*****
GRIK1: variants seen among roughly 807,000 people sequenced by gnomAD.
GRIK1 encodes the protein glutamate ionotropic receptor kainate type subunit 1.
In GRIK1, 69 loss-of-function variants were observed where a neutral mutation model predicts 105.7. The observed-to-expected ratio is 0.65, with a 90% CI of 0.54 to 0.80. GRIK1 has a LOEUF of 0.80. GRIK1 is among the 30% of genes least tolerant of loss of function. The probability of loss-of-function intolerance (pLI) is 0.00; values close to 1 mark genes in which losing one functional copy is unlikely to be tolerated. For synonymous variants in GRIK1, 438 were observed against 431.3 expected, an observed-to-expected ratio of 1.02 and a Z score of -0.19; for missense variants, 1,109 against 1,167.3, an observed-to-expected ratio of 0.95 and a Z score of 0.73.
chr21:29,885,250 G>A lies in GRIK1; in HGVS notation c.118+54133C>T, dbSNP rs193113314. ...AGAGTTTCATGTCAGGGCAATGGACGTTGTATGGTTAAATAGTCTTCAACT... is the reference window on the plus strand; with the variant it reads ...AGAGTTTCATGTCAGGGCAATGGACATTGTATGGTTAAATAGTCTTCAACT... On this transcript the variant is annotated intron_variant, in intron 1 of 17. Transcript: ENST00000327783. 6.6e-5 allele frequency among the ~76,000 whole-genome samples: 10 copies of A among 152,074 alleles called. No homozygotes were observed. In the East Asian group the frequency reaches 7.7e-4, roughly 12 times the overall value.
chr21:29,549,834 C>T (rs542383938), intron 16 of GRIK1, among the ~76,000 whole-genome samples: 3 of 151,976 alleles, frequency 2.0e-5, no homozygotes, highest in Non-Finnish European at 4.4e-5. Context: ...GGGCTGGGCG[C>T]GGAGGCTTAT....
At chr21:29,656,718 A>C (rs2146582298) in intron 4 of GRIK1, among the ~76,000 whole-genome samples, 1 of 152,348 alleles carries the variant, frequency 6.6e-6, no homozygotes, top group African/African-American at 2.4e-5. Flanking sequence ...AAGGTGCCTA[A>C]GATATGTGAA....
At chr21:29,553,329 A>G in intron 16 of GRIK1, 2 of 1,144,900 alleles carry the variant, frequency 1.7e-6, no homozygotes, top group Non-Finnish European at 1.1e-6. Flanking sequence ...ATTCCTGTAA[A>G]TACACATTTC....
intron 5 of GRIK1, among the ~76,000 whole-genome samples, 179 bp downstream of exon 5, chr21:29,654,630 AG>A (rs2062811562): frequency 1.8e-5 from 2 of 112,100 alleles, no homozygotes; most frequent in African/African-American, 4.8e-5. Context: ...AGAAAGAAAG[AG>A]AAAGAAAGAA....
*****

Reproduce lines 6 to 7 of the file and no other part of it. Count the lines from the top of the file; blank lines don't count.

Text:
At chr21:29,656,718 A>C (rs2146582298) in intron 4 of GRIK1, among the ~76,000 whole-genome samples, 1 of 152,348 alleles carries the variant, frequency 6.6e-6, no homozygotes, top group African/African-American at 2.4e-5. Flanking sequence ...AAGGTGCCTA[A>C]GATATGTGAA....
At chr21:29,553,329 A>G in intron 16 of GRIK1, 2 of 1,144,900 alleles carry the variant, frequency 1.7e-6, no homozygotes, top group Non-Finnish European at 1.1e-6. Flanking sequence ...ATTCCTGTAA[A>G]TACACATTTC....